4 Steps to Getting a Head Start on Requirements Elicitation

Consider this scenario: You’ve been charged with introducing a new Information System to support the work of inexperienced stakeholders. Some are inexperienced on the job while others know very little about the technology, opportunities and constraints related to the new information system. In this scenario, techniques such as interviews and workshops (event-based elicitation techniques) may not yield sufficient results. If the new system is being designed to assist experienced employees or improve the performance of stable processes however, one can expect requirements to be accurately supplied by the employees.

Consider a second scenario where your objective is to introduce innovation or organizational change. Engaging users on something they’ve not experienced before may not produce a full view of their requirements from the onset.

So, what exactly is the best way forward? Where else can analysts explore to get the right requirements?

1. Similar Systems in Other Organizations

Unless it’s a completely new idea, there are likely to be systems in other organizations that can be studied to extract requirements. Analysts should however, not limit themselves to exploring only the systems in their industry. For example, an analyst working on the development of a reservation system for a car rental company may have something to learn from a hotel reservation system, which is in a completely different industry.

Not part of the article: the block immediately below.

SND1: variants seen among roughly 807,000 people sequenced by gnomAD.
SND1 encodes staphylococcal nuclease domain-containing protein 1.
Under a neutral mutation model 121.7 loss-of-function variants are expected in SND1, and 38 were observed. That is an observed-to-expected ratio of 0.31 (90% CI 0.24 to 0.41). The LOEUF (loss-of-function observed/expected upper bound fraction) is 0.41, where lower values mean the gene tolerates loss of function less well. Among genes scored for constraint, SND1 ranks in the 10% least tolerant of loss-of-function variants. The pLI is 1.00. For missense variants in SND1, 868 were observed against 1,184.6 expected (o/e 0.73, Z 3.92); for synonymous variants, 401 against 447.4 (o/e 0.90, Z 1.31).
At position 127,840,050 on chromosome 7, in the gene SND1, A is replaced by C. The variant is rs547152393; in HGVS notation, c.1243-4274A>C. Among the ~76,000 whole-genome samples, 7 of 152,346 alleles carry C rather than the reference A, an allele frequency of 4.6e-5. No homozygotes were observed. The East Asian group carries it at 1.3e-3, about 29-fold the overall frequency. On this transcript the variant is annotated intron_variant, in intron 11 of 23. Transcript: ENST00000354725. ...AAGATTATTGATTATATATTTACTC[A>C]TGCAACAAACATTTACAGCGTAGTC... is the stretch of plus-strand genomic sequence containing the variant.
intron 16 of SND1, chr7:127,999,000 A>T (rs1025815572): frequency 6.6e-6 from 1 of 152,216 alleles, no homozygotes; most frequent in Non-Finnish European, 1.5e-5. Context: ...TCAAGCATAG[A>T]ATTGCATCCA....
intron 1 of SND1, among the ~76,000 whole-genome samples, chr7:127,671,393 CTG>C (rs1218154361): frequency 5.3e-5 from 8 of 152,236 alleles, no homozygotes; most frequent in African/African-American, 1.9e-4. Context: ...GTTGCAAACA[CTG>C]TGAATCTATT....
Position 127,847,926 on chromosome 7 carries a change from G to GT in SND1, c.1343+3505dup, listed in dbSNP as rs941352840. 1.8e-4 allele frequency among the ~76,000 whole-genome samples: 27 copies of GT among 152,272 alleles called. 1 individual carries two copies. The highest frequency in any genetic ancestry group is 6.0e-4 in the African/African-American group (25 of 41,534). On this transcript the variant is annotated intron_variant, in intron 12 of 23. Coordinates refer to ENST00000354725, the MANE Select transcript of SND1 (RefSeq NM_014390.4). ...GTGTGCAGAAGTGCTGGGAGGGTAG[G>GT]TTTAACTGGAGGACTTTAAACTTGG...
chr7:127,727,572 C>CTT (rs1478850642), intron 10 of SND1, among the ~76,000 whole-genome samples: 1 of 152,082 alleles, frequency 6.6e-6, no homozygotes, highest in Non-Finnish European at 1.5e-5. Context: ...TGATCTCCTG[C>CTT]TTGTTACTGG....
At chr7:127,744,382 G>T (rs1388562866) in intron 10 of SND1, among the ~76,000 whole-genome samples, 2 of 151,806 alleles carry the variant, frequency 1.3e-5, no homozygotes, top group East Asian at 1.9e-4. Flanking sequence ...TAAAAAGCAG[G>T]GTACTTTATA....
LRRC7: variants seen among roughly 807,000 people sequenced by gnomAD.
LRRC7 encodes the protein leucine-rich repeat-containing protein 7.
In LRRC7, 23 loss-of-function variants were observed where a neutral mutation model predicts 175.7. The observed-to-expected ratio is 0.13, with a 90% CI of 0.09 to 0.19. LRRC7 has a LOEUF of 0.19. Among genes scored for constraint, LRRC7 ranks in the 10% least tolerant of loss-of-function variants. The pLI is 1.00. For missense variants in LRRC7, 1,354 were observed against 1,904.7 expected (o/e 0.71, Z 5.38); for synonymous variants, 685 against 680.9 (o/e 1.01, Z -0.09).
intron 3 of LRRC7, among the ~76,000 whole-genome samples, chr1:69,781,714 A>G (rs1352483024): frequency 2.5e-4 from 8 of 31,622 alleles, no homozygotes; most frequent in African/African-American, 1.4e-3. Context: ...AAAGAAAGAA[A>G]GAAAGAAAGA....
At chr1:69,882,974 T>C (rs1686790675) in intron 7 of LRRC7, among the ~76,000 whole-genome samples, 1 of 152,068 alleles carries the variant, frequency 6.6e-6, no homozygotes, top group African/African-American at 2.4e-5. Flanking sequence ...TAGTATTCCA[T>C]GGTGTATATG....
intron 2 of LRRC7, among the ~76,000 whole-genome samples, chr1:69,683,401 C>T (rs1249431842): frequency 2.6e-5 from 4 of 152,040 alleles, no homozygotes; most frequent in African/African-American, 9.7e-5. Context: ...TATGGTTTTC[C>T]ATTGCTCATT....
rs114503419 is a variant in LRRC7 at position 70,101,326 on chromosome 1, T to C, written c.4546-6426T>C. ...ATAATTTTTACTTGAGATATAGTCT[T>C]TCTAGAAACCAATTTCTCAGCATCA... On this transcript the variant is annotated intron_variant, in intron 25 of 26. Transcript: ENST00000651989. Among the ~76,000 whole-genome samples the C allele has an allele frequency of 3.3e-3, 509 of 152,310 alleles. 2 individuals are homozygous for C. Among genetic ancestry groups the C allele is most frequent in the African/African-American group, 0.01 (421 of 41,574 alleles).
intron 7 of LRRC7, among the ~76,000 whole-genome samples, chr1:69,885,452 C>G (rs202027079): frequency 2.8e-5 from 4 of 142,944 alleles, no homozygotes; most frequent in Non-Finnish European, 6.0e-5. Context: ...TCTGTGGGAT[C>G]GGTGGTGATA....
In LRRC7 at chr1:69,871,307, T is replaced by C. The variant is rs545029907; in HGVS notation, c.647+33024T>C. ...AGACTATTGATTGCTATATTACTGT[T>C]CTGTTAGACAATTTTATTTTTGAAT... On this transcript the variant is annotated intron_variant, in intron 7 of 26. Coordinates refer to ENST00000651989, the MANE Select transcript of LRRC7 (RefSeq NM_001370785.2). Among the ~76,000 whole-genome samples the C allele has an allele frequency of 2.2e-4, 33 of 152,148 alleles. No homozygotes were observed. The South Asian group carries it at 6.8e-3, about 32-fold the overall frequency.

2.  Standard Software Solutions

Existing software packages in the market often incorporate typical information requirements that suit a diverse set of users. Examining standard and relevant solutions in the market can help capture “typical” requirements that can be customized to suit the analyst’s environment.

Regardless of whether the plan is to buy software off-the-shelf or build in-house, requirements elicitation and analysis should still be approached rigorously by studying standard software solutions.

3. Description of Similar systems in Books and Other Publications

Information Systems and their features are often well documented in literature. For example, publications on ERP systems, forecasting systems and POS systems can provide an inventory of requirements to be confirmed with users. Though re-inventing the wheel is unnecessary in most cases, it’s critical for the analyst to take note of the unique requirements of each project and specify them accordingly.

4. Existing Systems Within the Organization

In some cases, the analyst may find that there are existing systems similar to the one being proposed within the organization. Such systems can be studied as they can provide a useful starting point for generating ideas on how the new solution should work.

Existing procedures and processes that the new system will replace may be completely manual or may be a combination of manual and automated steps. Such processes or systems can be studied through document analysis or observation after which they can be fully automated, wherever it adds value.

In cases where the analyst wishes to move beyond the mere automation of manual tasks to redesigning processes and innovating products and services, such techniques become less useful. For such situations, the analyst may skip analysing the way things work presently to focus on understanding the information needs of that part of the organization where the new Information System is expected to work.